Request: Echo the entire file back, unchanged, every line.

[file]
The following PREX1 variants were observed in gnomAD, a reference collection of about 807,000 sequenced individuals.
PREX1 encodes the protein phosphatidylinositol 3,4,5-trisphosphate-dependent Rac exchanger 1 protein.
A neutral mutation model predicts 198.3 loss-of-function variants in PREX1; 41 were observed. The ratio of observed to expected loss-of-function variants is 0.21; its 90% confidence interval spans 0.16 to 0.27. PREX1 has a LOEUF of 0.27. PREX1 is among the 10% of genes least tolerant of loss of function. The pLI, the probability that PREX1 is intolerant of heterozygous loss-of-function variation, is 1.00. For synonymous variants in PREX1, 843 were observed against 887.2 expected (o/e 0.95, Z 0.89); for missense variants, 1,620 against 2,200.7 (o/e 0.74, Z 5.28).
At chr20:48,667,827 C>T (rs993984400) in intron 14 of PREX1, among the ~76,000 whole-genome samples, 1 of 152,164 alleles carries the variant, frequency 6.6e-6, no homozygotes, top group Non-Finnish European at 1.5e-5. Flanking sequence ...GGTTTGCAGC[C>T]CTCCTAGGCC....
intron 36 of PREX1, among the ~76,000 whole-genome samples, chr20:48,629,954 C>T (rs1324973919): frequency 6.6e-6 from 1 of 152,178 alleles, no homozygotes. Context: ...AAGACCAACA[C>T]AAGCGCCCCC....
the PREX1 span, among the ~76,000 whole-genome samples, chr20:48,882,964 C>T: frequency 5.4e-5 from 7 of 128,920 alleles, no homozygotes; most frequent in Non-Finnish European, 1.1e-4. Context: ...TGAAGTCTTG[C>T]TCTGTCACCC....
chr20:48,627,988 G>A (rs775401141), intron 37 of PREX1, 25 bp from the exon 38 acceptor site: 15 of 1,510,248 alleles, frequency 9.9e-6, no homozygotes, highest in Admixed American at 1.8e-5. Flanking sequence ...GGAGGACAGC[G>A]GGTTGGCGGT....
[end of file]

The following PREX1 variants were observed in gnomAD, a reference collection of about 807,000 sequenced individuals.
PREX1 encodes the protein phosphatidylinositol 3,4,5-trisphosphate-dependent Rac exchanger 1 protein.
A neutral mutation model predicts 198.3 loss-of-function variants in PREX1; 41 were observed. The ratio of observed to expected loss-of-function variants is 0.21; its 90% confidence interval spans 0.16 to 0.27. PREX1 has a LOEUF of 0.27. PREX1 is among the 10% of genes least tolerant of loss of function. The pLI, the probability that PREX1 is intolerant of heterozygous loss-of-function variation, is 1.00. For synonymous variants in PREX1, 843 were observed against 887.2 expected (o/e 0.95, Z 0.89); for missense variants, 1,620 against 2,200.7 (o/e 0.74, Z 5.28).
At chr20:48,667,827 C>T (rs993984400) in intron 14 of PREX1, among the ~76,000 whole-genome samples, 1 of 152,164 alleles carries the variant, frequency 6.6e-6, no homozygotes, top group Non-Finnish European at 1.5e-5. Flanking sequence ...GGTTTGCAGC[C>T]CTCCTAGGCC....
intron 36 of PREX1, among the ~76,000 whole-genome samples, chr20:48,629,954 C>T (rs1324973919): frequency 6.6e-6 from 1 of 152,178 alleles, no homozygotes. Context: ...AAGACCAACA[C>T]AAGCGCCCCC....
the PREX1 span, among the ~76,000 whole-genome samples, chr20:48,882,964 C>T: frequency 5.4e-5 from 7 of 128,920 alleles, no homozygotes; most frequent in Non-Finnish European, 1.1e-4. Context: ...TGAAGTCTTG[C>T]TCTGTCACCC....
chr20:48,627,988 G>A (rs775401141), intron 37 of PREX1, 25 bp from the exon 38 acceptor site: 15 of 1,510,248 alleles, frequency 9.9e-6, no homozygotes, highest in Admixed American at 1.8e-5. Flanking sequence ...GGAGGACAGC[G>A]GGTTGGCGGT....